From Glaciers to Deep Ocean, $3 Million Endowment Will Advance Scientific Measurements

September 4, 2007

This bottom pressure recorder uses a paroscientific pressure gauge to monitor changes in the depth of the seafloor because of volcanism and the movement of magma.

September 4, 2007--Columbia University’s Lamont-Doherty Earth Observatory has established a $3 million endowment to further its cutting-edge work in designing new scientific instruments to study waves, winds, earthquakes and other natural phenomena. A gift of $1.5 million, made by instrument designer and maker Jerome M. Paros, will be matched one for one with institutional funds. The endowment will set up a chair in observational geophysics.

“Having the right instruments is critical to answering all sorts of fundamental scientific questions,” said G. Michael Purdy, director of Lamont-Doherty. “For this, we need continuous technological advances. Jerry Paros understands that. His generosity will keep Lamont in a leadership position, and further the global community’s work in vital areas that we all care about.”

Paros received his graduate degree in physics from Columbia’s Graduate School of Arts and Sciences in 1963. He is the founder of Redmond, Washington-based Paroscientific, Inc., Quartz Sensors, Inc. and other high-technology instrumentation companies. The instruments are used worldwide in geophysical studies to measure pressure, acceleration, depth, weight and other parameters. Paros holds more than 20 patents, and is the author of numerous articles on scientific measurements. His rugged, highly accurate devices have been used by researchers, government and industry in tsunami detection, operation of undersea vehicles, aerospace guidance systems, weather measurements, studies of tides and waves, and seismic studies.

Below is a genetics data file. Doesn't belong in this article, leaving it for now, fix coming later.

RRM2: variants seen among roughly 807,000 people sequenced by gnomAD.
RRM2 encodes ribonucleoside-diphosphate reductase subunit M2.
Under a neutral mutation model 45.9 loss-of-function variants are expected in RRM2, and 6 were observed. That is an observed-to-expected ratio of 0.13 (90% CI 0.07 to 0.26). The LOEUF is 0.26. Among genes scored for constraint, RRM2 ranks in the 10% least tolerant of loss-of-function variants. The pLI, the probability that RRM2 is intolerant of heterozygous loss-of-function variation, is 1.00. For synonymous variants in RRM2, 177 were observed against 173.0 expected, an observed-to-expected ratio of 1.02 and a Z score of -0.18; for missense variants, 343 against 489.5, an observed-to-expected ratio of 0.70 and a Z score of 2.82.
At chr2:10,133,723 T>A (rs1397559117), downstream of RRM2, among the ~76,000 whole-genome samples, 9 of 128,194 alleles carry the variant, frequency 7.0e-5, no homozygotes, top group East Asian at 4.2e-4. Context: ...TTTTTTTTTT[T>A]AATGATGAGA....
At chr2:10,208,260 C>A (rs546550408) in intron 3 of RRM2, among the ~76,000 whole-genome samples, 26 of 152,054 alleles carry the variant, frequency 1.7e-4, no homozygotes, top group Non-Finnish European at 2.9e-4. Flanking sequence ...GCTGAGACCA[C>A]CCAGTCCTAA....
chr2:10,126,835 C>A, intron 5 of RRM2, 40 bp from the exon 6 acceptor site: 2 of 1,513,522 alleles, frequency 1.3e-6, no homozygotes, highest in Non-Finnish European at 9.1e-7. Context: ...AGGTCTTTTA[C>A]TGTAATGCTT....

“The purpose of this endowment is to attract and retain a distinguished senior scientist who will conduct research in observational geophysics,” said Paros. “The goal of this research is to develop and deploy new instrumentation and measurement systems that will advance cross-disciplinary knowledge in the oceanic, atmospheric, and earth sciences.”

The gift comes on top of a $550,000 bequest that Paros gave Lamont-Doherty in 2006, which was matched by an equal amount from the Palisades Geophysical Institute. This has endowed the new Paros-PGI Observatory Technical and Innovation Center. The center has already provided seed money for an inexpensive, lightweight system that can register data from a wide variety of instruments on the sea bottom; low-cost seismic sensors that can be deployed widely in poor nations facing high risk for earthquakes; and an instrument that would directly and cheaply measure gases dissolved in groundwater, without the need to ship samples to a lab.

The new endowment will pay the salary and expenses of the new Jerome M. Paros Senior Research Scientist of Observational Geophysics. The scientist, not yet named, will concentrate on developing precise, cost-effective instruments with wide applications in a variety of fields. Among possible projects, according to Purdy:
--“Ice seismometers” to study quakes generated within glaciers—a phenomenon recently documented by Lamont scientists, but hard to measure, since instruments can be swallowed by shifting ice
--Development of better seismic instruments for the rugged topography and currents of the deep ocean floor. These will be used to image the interior of the earth beneath the oceans, and to locate earthquakes and volcanic eruptions.
--Techniques for measuring small movements of seafloors, including those that produce hard-to-detect “slow earthquakes”—a phenomenon recently discovered along coasts that might be related to much larger, devastating earthquakes
--Instruments to measure and locate extremely low-frequency sound in the atmosphere and oceans

Over the last 50 years, engineers and scientists at Lamont-Doherty have helped develop many of the instruments that underpin our modern understanding of earth’s structure and evolution. These include sonars and other methods that have brought precision mapping of the ocean floors; seismometers that have revolutionized our understanding of earthquakes and the basic structure of the earth; and ongoing advances in radiometric dating, which are contributing to our understanding of past climates.

“Our science is only as good as the measurements we make. Jerome Paros’s gifts will ensure that the science will be as good as it can be,” said Purdy.